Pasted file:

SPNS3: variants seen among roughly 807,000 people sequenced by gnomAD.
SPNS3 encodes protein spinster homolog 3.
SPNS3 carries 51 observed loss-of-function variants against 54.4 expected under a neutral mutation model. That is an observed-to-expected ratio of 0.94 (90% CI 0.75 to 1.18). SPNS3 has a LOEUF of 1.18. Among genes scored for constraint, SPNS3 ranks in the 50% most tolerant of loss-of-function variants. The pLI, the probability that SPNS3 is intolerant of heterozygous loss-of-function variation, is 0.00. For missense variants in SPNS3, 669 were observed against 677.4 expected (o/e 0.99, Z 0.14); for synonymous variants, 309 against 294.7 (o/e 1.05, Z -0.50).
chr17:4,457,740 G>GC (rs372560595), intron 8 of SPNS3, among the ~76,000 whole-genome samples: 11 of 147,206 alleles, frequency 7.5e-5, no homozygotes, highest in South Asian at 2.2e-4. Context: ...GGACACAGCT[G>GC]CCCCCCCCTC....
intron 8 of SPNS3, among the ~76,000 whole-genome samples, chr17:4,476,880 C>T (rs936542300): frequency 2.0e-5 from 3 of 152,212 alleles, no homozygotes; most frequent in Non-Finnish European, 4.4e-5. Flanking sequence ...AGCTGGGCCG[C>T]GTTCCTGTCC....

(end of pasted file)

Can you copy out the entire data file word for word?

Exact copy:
SPNS3: variants seen among roughly 807,000 people sequenced by gnomAD.
SPNS3 encodes protein spinster homolog 3.
SPNS3 carries 51 observed loss-of-function variants against 54.4 expected under a neutral mutation model. That is an observed-to-expected ratio of 0.94 (90% CI 0.75 to 1.18). SPNS3 has a LOEUF of 1.18. Among genes scored for constraint, SPNS3 ranks in the 50% most tolerant of loss-of-function variants. The pLI, the probability that SPNS3 is intolerant of heterozygous loss-of-function variation, is 0.00. For missense variants in SPNS3, 669 were observed against 677.4 expected (o/e 0.99, Z 0.14); for synonymous variants, 309 against 294.7 (o/e 1.05, Z -0.50).
chr17:4,457,740 G>GC (rs372560595), intron 8 of SPNS3, among the ~76,000 whole-genome samples: 11 of 147,206 alleles, frequency 7.5e-5, no homozygotes, highest in South Asian at 2.2e-4. Context: ...GGACACAGCT[G>GC]CCCCCCCCTC....
intron 8 of SPNS3, among the ~76,000 whole-genome samples, chr17:4,476,880 C>T (rs936542300): frequency 2.0e-5 from 3 of 152,212 alleles, no homozygotes; most frequent in Non-Finnish European, 4.4e-5. Flanking sequence ...AGCTGGGCCG[C>T]GTTCCTGTCC....